TOKYO -- Japanese banks are moderating their push into other Asian markets amid signs of economic slowdowns across the region.
The balance of overseas loans at Mitsubishi UFJ Financial Group, the nation's largest bank, stood at 43.9 trillion yen as of December, down 2.7% from 45.1 trillion yen a year earlier, according to the lender's third-quarter earnings release.
But the interest rate spread improved to 1.35% from 1.23% for the bank's overseas operations, indicating a greater focus on loan quality than on quantity. The spread refers to a difference between the average yield on loans and the average cost of funding.
"MUFG is clearly preparing for a possible downturn in the economic cycle," said Shinichiro Nakamura, bank analyst at SMBC Nikko Securities. "They seem to believe this is not a time to expand assets or lending."
About 40% of MUFG's $1 trillion in loans have been extended overseas. Of this, a third is in Asia.
For the nine months through December, MUFG's core operating profit dropped 12%, though reduced credit costs and greater contributions from the bank's Morgan Stanley affiliate allowed for a 10% increase in net profit.
At Sumitomo Mitsui Financial Group, the nation's second largest banking group, overseas loans increased to $242 billion from $232 billion, but loans for Asia stayed flat at $82 billion as the bank shifted its focus to the booming U.S. market.
SMFG reported an increase in credit costs to 53 billion yen for the nine months, up from 52 billion yen a year earlier. It cited losses on overseas loans.
Asia's slowing economies, the result of the Sino-U.S. trade dispute, pose a challenge. Japanese banks have been looking at the rest of Asia to offset sluggish loan demand and depressed interest spreads at home.
The Mizuho Financial Group is also keeping a wary eye on Asia's downtrend. But for now, Japan's third largest banking group has chosen to take risks as its rivals hold back.
Mizuho boosted the balance of its overseas loans by 19% from a year before to $259.3 billion by the end of December. Asia accounted for about half of the growth.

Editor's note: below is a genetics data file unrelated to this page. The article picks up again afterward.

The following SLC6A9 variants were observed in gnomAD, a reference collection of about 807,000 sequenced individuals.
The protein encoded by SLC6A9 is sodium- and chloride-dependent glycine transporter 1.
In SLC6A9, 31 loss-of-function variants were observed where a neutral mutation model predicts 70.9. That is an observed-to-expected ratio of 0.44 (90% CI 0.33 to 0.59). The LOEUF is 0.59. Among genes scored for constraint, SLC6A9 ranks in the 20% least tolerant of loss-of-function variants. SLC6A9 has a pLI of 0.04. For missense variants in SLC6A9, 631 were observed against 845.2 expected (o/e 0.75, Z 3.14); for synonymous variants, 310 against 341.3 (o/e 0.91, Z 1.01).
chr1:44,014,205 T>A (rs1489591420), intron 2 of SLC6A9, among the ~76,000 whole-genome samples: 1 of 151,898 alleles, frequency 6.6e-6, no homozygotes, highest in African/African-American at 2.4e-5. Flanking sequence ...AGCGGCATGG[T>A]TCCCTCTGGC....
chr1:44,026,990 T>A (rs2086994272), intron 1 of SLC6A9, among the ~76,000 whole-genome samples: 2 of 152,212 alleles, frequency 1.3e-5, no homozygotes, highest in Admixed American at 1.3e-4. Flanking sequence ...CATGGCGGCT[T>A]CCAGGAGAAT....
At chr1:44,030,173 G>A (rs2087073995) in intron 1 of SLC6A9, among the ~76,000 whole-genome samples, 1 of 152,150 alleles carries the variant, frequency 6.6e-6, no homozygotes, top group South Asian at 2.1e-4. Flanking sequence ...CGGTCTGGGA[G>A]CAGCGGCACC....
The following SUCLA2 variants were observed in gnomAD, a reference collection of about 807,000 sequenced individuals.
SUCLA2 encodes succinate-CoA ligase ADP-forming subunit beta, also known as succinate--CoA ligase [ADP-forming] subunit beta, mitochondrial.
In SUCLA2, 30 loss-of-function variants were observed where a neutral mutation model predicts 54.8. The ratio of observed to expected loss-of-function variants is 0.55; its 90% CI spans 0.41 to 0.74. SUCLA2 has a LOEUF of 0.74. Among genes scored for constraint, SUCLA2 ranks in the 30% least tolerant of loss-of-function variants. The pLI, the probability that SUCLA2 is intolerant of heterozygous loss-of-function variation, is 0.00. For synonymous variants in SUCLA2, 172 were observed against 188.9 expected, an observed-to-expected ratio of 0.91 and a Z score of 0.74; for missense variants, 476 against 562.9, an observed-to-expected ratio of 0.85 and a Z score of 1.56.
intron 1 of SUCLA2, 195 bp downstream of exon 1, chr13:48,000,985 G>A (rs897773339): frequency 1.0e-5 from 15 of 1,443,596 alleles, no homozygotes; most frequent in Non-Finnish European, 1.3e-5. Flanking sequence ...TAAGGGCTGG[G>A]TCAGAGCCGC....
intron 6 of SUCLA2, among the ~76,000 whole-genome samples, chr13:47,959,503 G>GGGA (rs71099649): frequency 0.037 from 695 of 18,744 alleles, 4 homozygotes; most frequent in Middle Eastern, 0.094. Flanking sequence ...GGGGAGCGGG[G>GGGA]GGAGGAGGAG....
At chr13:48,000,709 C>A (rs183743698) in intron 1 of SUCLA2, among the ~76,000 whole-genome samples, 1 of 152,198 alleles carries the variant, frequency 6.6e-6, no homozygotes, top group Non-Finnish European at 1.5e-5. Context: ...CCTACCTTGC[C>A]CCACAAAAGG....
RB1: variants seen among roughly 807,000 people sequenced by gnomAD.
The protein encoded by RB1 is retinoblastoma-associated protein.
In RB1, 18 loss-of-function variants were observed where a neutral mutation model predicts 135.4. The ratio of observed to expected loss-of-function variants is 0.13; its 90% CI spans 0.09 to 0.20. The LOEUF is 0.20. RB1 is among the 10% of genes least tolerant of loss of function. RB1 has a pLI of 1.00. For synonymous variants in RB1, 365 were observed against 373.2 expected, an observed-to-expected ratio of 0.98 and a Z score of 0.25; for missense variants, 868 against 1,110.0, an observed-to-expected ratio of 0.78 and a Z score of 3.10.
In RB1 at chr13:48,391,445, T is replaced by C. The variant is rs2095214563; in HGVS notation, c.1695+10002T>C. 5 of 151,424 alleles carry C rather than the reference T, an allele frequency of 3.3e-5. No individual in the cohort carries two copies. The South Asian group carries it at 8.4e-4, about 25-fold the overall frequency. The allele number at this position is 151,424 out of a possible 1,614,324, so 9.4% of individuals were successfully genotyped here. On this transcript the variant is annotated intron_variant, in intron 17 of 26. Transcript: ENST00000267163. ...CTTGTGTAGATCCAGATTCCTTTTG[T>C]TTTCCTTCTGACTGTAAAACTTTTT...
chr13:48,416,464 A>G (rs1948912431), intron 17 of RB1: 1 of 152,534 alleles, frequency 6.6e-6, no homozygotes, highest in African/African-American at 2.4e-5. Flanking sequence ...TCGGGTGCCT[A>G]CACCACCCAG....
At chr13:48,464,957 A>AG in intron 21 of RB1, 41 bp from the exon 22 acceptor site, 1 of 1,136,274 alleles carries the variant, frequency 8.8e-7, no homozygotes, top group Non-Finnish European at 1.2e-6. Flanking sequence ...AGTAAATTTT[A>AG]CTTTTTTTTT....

The lender appears to be sacrificing some of its profit margin in a quest for market share, as the interest spread for its overseas loans narrowed to about 0.8% from about 0.9%.
Mizuho has embarked on its Global 300 campaign, meant to grow the amount of business it does with 300 top overseas companies. Through the campaign, the bank is touting its comprehensive commercial banking services in economies like China, Taiwan, Vietnam and Thailand.
Sumitomo Mitsui says the tapering of loan growth in Asia will be temporary. "Our goal remains the same: to become an Asia-centric bank," an SMFG representative said.
"We expect the mega banks will continue to seek growth overseas because growth in the Japanese market is weak -- with abundant corporate liquidity and limited investment opportunities," said Kaori Nishizawa, a bank analyst at Fitch Ratings. "We see that the growth will be primarily in Asian emerging markets, and in the U.S. and Europe, where they already have established operations."
Until recently, Japanese banks had been aggressively building their presence in Asia.
In 2013, MUFG took over Bank of Ayudhya in Thailand. In 2016, it acquired 20% of the Philippines' Security Bank. Last year, it doubled its stake in Indonesia'sBank Danamonto 40%. Meanwhile, SMFG owns Bank Tabungan Pensiunan Nasional, a midsize bank in Indonesia, and Mizuho has partnered with the Export-Import Bank of Thailand.
Southeast Asia's relatively small markets have more potential for growth than Japan, where the population is on the decline and demand for loans is weak. The BOJ's policy of targeting government bond yields to zero has also deprived banks of opportunities to make money from investing in JGBs.
Because of the weak demand, MUFG, SMFG and Mizuho use only about 60% of their deposits for loans. The remainder goes into various securities, increasingly higher-yielding foreign government bonds.
But even in their securities investing, Japanese banks have been feeling the pinch since the U.S. Federal Reserve began raising short-term interest rates. This increases the cost of borrowing U.S. dollars, making investments in U.S. government bonds less profitable.
The turbulence in the bond market has hurt institutions with large market operations, such as Mizuho and Nomura Holdings. Nomura, in particular, plunged into a 101 billion-yen net loss for the nine months through December. It is expected to announce belt-tightening measures, including a 60 billion-yen cut in fixed expenses over the next four years.
Other banks are already slashing costs. It is a long-term slog. Mizuho said in 2017 that it will eliminate 19,000 positions and 100 branches over the following 10 years. SMFG has been slimming down its retail banking operations. It is toward the end of a three-year period that began in 2017 in which it intends to cut expenses by 50 billion yen and scrap 4,000 positions. MUFG is to automate 30% of its operations by 2024. It expects software and artificial intelligence to do the paperwork that would otherwise require 9,500 employees to process.
"All Japanese banks recognize the importance of technology, including automation and enhancing online capabilities to help overhaul their branch networks," Fitch's Nishizawa said.
A Mizuho representative said it will take years, possibly a decade, before automation and branch consolidations start making a dent in its 1 trillion yen operating cost.